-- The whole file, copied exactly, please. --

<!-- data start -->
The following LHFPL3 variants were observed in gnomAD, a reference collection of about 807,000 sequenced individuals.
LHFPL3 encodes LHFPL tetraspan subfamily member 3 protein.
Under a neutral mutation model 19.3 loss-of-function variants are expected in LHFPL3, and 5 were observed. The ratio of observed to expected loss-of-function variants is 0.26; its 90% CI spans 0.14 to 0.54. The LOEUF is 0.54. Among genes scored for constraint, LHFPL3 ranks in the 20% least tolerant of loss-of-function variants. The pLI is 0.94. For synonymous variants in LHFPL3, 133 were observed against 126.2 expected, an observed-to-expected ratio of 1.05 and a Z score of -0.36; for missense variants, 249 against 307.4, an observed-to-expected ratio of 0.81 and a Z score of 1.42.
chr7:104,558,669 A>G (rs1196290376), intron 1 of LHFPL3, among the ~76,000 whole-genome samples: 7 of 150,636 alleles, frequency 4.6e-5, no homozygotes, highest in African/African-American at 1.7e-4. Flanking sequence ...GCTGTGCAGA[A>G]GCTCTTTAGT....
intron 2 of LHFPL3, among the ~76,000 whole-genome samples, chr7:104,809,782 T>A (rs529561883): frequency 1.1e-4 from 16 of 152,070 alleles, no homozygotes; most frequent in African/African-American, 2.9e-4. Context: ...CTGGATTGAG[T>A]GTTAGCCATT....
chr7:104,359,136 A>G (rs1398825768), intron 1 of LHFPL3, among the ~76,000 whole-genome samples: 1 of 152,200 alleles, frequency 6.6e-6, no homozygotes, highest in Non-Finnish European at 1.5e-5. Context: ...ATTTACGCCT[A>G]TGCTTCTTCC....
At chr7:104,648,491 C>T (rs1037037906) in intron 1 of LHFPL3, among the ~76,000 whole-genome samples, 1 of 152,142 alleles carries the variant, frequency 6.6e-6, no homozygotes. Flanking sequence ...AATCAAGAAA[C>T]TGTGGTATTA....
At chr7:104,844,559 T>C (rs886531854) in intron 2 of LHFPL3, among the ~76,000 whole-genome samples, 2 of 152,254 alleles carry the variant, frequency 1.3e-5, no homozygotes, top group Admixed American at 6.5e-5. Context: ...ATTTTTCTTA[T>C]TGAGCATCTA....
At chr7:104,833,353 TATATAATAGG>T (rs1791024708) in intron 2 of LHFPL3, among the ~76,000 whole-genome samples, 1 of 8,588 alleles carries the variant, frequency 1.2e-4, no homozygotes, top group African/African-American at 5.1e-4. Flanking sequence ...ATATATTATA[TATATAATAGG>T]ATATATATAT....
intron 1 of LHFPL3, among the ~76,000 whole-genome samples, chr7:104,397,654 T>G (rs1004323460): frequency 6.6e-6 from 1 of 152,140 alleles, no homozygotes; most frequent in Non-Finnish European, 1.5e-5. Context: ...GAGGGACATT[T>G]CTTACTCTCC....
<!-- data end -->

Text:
The following LHFPL3 variants were observed in gnomAD, a reference collection of about 807,000 sequenced individuals.
LHFPL3 encodes LHFPL tetraspan subfamily member 3 protein.
Under a neutral mutation model 19.3 loss-of-function variants are expected in LHFPL3, and 5 were observed. The ratio of observed to expected loss-of-function variants is 0.26; its 90% CI spans 0.14 to 0.54. The LOEUF is 0.54. Among genes scored for constraint, LHFPL3 ranks in the 20% least tolerant of loss-of-function variants. The pLI is 0.94. For synonymous variants in LHFPL3, 133 were observed against 126.2 expected, an observed-to-expected ratio of 1.05 and a Z score of -0.36; for missense variants, 249 against 307.4, an observed-to-expected ratio of 0.81 and a Z score of 1.42.
chr7:104,558,669 A>G (rs1196290376), intron 1 of LHFPL3, among the ~76,000 whole-genome samples: 7 of 150,636 alleles, frequency 4.6e-5, no homozygotes, highest in African/African-American at 1.7e-4. Flanking sequence ...GCTGTGCAGA[A>G]GCTCTTTAGT....
intron 2 of LHFPL3, among the ~76,000 whole-genome samples, chr7:104,809,782 T>A (rs529561883): frequency 1.1e-4 from 16 of 152,070 alleles, no homozygotes; most frequent in African/African-American, 2.9e-4. Context: ...CTGGATTGAG[T>A]GTTAGCCATT....
chr7:104,359,136 A>G (rs1398825768), intron 1 of LHFPL3, among the ~76,000 whole-genome samples: 1 of 152,200 alleles, frequency 6.6e-6, no homozygotes, highest in Non-Finnish European at 1.5e-5. Context: ...ATTTACGCCT[A>G]TGCTTCTTCC....
At chr7:104,648,491 C>T (rs1037037906) in intron 1 of LHFPL3, among the ~76,000 whole-genome samples, 1 of 152,142 alleles carries the variant, frequency 6.6e-6, no homozygotes. Flanking sequence ...AATCAAGAAA[C>T]TGTGGTATTA....
At chr7:104,844,559 T>C (rs886531854) in intron 2 of LHFPL3, among the ~76,000 whole-genome samples, 2 of 152,254 alleles carry the variant, frequency 1.3e-5, no homozygotes, top group Admixed American at 6.5e-5. Context: ...ATTTTTCTTA[T>C]TGAGCATCTA....
At chr7:104,833,353 TATATAATAGG>T (rs1791024708) in intron 2 of LHFPL3, among the ~76,000 whole-genome samples, 1 of 8,588 alleles carries the variant, frequency 1.2e-4, no homozygotes, top group African/African-American at 5.1e-4. Flanking sequence ...ATATATTATA[TATATAATAGG>T]ATATATATAT....
intron 1 of LHFPL3, among the ~76,000 whole-genome samples, chr7:104,397,654 T>G (rs1004323460): frequency 6.6e-6 from 1 of 152,140 alleles, no homozygotes; most frequent in Non-Finnish European, 1.5e-5. Context: ...GAGGGACATT[T>G]CTTACTCTCC....